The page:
Tag Info

Hot answers tagged

7

OLD TESTAMENT USAGE: The word "poiema" us used only twice in the New Testament, as you say. But in the Greek translation of the Old Testament, the same word is used several times: 1Sam. 8:8 According to all the works which they have done since the day that I brought them up out of Egypt, even to this day—with which they have forsaken Me and served other ...


5

Marriage isn't 50-50. It's both parties giving 100%. Dr. Emerson Eggerichs addresses the differences in the commands extensively in his book Love and Respect and on his website, most recently in a September 4 blogpost. This verse doesn't mean that women don't have to love and men don't have to be subject to their wives. Paul was giving instructions about ...


5

Update: I've left my original two opening paragraphs here (slightly modified for contextual clarity) because I still believe in general they are true when it comes to resolving highly disputed variants in the text. Often the reason they are highly disputed is because the extant textual witness cannot answer which variation is correct in a straightforward ...


4

There are four instances of the Present Imperative (Second Person Plural) in the Epistle to the Ephesians where there is ambiguity between the middle and passive voice, because the literal grammatical verb form is identical. (Please click here for more examples in the New Testament.) In the Epistle to the Ephesians, every single one of these four verbs is in ...


3

Another perspective on this issue: why should Paul have counselled "love" in each of the three cases of domestic relationship in Colossians 3:18-20 (wives to husbands, husbands to wives, children to parents)? The question assumes that this disposition -- certainly a norm in modern western nuclear families -- is also the default social configuration in ...


3

Short Answer: We can be fairly certain this is just saying that before Jesus could go back up to heaven, He first had to go down to the earth, which is lower. The variants There are two major textual variants in this verse listed by the UBS4, and they shed some light on what is going on here. 1) A large number of later sources added "first" so that it ...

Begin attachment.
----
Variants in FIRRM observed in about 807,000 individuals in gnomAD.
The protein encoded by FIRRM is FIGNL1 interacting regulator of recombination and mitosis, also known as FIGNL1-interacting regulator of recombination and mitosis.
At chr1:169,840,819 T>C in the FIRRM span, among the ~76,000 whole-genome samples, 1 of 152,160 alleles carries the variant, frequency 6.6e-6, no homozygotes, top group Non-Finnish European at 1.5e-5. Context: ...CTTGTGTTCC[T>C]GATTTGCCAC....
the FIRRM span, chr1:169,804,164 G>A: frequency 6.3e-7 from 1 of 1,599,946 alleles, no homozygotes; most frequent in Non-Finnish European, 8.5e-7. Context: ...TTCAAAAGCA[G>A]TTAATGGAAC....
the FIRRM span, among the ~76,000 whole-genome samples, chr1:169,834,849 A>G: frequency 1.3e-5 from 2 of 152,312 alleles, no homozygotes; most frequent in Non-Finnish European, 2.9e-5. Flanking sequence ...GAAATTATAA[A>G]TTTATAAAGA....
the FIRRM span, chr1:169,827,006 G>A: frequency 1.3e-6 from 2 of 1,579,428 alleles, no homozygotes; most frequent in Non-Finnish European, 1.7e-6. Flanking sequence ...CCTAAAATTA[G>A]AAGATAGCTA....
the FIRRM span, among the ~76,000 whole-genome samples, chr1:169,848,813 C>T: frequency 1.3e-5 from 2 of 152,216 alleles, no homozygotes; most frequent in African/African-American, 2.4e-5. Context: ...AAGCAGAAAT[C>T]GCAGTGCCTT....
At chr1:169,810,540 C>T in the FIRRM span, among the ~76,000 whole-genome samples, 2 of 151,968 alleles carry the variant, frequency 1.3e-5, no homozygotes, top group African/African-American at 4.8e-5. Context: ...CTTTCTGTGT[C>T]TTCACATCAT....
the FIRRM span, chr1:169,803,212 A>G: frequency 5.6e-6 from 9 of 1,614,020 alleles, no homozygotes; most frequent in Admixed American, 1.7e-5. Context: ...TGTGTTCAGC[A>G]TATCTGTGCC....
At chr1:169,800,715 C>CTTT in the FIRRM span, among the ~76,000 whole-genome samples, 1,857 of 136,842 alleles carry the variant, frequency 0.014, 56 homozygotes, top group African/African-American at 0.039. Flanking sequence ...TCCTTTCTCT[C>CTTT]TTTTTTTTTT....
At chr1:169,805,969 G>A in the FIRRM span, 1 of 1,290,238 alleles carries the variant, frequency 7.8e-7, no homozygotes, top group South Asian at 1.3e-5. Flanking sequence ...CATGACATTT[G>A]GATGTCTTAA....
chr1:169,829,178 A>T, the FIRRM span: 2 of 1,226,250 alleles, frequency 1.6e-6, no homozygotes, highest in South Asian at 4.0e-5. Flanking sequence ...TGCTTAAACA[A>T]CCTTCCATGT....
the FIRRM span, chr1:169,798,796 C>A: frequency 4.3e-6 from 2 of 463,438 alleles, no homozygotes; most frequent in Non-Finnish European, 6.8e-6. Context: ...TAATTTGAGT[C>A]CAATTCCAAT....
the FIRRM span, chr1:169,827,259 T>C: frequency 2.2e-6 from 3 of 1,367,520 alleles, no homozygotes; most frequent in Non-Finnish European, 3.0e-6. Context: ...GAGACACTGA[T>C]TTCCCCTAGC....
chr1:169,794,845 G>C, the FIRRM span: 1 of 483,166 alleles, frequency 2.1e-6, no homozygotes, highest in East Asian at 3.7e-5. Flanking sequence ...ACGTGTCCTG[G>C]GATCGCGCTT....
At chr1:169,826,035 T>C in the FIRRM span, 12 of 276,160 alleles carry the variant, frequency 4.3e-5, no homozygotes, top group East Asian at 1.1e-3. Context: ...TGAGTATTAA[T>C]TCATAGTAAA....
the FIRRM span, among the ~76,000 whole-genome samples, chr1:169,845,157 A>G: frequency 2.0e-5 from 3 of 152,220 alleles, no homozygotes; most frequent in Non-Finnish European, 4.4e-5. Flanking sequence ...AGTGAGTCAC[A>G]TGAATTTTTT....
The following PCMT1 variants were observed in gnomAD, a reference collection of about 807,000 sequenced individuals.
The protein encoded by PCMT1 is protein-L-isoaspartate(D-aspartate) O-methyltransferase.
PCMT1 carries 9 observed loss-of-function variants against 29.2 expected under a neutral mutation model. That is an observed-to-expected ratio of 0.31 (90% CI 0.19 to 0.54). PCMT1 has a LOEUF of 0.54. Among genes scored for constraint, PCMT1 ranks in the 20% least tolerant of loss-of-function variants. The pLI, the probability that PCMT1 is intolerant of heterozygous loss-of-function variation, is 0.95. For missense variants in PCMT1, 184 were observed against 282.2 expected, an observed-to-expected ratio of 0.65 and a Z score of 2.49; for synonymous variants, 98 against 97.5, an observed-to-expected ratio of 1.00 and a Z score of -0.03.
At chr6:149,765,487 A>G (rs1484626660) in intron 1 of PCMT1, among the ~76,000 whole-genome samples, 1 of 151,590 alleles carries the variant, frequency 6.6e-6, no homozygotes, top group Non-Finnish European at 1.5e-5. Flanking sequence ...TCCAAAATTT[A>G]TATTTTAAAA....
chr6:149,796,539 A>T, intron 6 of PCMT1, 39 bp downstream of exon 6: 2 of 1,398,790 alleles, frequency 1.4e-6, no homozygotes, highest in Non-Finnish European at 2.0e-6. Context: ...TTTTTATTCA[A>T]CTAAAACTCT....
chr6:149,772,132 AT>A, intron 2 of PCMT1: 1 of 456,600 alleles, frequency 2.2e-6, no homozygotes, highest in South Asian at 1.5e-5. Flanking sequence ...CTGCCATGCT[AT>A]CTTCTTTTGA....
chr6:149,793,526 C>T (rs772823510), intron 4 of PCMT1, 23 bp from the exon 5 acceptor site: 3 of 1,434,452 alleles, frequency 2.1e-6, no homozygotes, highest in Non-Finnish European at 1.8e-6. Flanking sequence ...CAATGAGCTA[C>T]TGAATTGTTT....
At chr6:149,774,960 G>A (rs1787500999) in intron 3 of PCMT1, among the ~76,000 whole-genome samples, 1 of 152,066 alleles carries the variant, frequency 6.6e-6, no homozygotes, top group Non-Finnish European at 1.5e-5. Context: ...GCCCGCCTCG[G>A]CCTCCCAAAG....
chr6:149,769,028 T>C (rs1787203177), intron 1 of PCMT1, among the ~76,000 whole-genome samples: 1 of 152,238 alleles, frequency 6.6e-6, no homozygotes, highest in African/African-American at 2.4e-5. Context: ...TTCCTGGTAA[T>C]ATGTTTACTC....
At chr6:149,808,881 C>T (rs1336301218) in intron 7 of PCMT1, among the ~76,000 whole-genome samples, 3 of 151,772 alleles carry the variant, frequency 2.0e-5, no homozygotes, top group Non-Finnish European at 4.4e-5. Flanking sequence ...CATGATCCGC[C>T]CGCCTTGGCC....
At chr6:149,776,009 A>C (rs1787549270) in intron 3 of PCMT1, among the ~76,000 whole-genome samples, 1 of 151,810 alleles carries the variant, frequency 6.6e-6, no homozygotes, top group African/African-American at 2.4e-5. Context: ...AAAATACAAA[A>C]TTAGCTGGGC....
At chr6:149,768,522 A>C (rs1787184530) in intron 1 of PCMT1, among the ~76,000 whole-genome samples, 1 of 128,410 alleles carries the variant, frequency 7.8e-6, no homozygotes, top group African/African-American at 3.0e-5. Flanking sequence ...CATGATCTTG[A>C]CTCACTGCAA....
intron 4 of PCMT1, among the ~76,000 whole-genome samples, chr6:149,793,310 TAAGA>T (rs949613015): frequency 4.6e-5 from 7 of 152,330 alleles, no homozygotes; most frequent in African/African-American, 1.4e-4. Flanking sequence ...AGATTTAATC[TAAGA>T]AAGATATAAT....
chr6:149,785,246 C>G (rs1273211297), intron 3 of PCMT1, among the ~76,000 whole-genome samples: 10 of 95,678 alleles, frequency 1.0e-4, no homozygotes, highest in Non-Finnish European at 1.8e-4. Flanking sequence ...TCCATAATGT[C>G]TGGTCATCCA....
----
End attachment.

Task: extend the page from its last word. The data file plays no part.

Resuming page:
3

All people are descendants of Adam (Acts 17:26). When Adam disobeyed the Lord, he lost access to the tree of life, which would have enabled him to have lived an indefinite mortal life (Gen 3:22-23). This broken access from the presence of the Lord resulted in the eventual physical death of Adam (Gen 5:5). All descendants of Adam therefore live imperfect, ...


3

Examining the Text The Greek text gives a fairly clear clue as to what is being referred to (its just one's theology that tends to get in the way of seeing it). There is a textual variant here, but it is not relevant to the discussion. The variant is found in the majority text and will be noted here by asterisks, like so: τῆς. Since the article follows a ...


2

Short Answer: Yes. In verse 12 'ἦτε' is in the imperfect tense, which is "past time" (similar to our "past tense" in English). Paul is describing the state of Gentiles prior to the unification of the two groups in Christ. Thus, it is inaccurate to render this by saying Gentiles have no citizenship and are strangers (present tense), rather it should be ...


1

Prolegomena The question assumes Pauline authorship, a point on which scholars are divided.1 It must be noted that I do not take Paul to be the author of Ephesians—I regard this epistle as pseudonymous. This is important for understanding the approach I will present because it begins with the observation that the author of Ephesians modeled this ...


1

It is sometimes argued by modern American Christians (who are used to having a single "pastor-teacher" figure up in front of their church) that pastors and teachers are the same. However, I would be careful not to think of this as the majority view (or even the majority view amongst scholars.) The interpretive decision to group "pastors and teachers" ...


1

Brother Jospeh has given a great answer to your first question, so I wanted to address the second one: "Speaking in psalms, singing in hearts, giving thanks, submitting one another. Are these behaviors the result of being filled in the Spirit or are they ways to fill yourself in the Spirit?" In Greek, these are present active participles that are acting ...


1

1) Since the verb "πληρόω" is transitive, there won't be any wordform distinction between present middle and passive, and only the context can guide you. So of course there are two interpretations: the passive is favored by those who believe God fills people with (the) Spirit and the middle is favored by those who believe people fill themselves with spirit. ...



Only top voted, non community-wiki answers of a minimum length are eligible